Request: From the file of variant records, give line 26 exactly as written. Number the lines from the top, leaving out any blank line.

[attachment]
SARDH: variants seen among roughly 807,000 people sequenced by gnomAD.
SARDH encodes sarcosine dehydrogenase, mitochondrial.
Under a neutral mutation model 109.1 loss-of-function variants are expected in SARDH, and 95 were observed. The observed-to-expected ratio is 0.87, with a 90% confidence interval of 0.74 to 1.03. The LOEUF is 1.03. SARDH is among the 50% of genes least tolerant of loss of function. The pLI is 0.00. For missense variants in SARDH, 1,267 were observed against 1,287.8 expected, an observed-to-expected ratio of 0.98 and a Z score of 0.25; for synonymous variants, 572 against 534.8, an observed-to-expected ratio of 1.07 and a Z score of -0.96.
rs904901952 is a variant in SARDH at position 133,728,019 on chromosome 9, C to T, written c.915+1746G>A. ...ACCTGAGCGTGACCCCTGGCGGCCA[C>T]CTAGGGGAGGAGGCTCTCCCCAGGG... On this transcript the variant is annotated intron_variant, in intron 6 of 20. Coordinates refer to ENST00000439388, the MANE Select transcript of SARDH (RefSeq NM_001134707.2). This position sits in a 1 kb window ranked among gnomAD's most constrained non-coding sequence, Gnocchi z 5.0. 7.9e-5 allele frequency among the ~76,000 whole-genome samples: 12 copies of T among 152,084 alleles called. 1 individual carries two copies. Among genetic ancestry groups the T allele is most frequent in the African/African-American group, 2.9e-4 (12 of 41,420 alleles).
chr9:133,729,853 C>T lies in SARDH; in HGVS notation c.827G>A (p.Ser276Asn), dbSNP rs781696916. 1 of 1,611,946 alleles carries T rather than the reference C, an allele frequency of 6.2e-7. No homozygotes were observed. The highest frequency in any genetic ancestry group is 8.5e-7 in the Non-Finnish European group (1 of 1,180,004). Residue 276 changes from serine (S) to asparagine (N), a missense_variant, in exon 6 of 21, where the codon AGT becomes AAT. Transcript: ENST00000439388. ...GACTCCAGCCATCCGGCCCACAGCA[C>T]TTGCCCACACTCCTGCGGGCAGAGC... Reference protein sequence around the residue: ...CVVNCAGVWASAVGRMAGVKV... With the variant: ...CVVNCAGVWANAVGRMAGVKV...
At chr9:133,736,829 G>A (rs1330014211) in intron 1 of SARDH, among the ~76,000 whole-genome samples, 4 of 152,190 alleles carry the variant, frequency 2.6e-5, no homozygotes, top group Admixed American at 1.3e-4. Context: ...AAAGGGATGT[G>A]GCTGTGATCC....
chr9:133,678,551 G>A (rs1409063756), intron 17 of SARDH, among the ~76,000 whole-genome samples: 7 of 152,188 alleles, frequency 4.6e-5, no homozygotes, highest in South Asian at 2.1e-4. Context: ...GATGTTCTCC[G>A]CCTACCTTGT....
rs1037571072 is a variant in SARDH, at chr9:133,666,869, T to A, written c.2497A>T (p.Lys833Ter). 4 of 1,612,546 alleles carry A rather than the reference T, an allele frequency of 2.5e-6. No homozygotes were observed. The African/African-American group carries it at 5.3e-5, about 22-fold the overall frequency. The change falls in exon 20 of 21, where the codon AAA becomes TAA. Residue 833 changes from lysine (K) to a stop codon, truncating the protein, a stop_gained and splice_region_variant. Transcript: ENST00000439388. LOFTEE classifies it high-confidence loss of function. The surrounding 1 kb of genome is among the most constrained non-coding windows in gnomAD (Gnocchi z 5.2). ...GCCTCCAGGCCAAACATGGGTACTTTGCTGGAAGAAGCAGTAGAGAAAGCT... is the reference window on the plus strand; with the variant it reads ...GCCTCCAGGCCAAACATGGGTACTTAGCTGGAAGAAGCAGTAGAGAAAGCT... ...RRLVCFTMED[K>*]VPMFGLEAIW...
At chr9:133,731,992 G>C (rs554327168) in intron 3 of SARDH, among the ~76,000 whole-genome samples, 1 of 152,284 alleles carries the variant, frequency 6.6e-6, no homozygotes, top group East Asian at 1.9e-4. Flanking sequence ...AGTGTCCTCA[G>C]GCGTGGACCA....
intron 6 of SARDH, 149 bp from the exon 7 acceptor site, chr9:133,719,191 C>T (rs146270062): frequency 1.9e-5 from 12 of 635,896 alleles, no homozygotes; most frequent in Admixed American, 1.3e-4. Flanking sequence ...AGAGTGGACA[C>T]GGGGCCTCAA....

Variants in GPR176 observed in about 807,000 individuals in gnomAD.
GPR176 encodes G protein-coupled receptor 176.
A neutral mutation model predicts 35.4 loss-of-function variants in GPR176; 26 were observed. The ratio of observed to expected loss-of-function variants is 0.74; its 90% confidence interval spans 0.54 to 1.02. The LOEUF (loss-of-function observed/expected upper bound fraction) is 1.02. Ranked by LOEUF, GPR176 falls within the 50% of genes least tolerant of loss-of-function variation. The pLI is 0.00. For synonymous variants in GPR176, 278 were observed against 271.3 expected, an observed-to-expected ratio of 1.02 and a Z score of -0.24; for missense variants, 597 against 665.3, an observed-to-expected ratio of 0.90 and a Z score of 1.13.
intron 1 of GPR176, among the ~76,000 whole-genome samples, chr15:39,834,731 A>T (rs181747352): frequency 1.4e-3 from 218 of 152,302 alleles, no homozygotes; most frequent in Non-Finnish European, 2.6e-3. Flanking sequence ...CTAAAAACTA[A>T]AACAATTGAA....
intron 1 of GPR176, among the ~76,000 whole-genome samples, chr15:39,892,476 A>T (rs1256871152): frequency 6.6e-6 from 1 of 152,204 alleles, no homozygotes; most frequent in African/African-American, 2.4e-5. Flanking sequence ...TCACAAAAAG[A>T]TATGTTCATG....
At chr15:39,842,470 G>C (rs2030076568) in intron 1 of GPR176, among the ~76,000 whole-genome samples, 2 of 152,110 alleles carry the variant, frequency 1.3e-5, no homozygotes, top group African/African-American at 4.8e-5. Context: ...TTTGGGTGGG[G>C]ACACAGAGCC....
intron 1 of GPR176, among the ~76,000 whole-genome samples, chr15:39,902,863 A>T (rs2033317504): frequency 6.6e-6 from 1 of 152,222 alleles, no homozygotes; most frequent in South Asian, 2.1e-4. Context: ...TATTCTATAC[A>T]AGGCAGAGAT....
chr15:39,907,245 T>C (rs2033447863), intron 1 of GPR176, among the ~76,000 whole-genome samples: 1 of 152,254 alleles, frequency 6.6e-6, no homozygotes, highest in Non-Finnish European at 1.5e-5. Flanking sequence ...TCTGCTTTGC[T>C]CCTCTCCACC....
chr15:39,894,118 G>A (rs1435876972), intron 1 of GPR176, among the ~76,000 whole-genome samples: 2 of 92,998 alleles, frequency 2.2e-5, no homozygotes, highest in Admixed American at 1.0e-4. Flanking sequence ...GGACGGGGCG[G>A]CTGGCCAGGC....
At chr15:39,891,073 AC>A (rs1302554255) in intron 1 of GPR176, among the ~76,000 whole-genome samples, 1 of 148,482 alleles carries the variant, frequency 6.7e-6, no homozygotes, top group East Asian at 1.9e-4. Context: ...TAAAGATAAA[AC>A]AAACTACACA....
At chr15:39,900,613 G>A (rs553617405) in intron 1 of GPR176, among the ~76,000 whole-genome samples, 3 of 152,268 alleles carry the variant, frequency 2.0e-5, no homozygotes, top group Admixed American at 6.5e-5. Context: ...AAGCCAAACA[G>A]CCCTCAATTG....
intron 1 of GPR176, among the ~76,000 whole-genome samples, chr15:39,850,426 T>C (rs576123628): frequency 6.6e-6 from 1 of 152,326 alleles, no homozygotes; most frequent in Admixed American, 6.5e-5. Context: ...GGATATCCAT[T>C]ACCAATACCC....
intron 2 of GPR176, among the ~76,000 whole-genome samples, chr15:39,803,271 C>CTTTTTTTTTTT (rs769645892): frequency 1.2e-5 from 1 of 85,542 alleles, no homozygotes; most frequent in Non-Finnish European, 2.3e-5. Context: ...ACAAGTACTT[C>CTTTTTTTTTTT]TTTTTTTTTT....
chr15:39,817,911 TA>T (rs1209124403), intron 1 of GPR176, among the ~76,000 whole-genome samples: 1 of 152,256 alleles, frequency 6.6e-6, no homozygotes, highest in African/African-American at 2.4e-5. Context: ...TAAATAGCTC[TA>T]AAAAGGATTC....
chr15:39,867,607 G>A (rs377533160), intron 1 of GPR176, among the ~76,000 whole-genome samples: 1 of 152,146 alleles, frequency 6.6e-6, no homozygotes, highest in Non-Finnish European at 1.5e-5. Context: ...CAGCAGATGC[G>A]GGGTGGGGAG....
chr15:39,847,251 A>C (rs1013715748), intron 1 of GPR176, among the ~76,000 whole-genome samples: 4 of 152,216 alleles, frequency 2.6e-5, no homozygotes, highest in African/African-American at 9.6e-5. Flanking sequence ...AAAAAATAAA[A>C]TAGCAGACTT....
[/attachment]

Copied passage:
chr15:39,847,251 A>C (rs1013715748), intron 1 of GPR176, among the ~76,000 whole-genome samples: 4 of 152,216 alleles, frequency 2.6e-5, no homozygotes, highest in African/African-American at 9.6e-5. Flanking sequence ...AAAAAATAAA[A>C]TAGCAGACTT....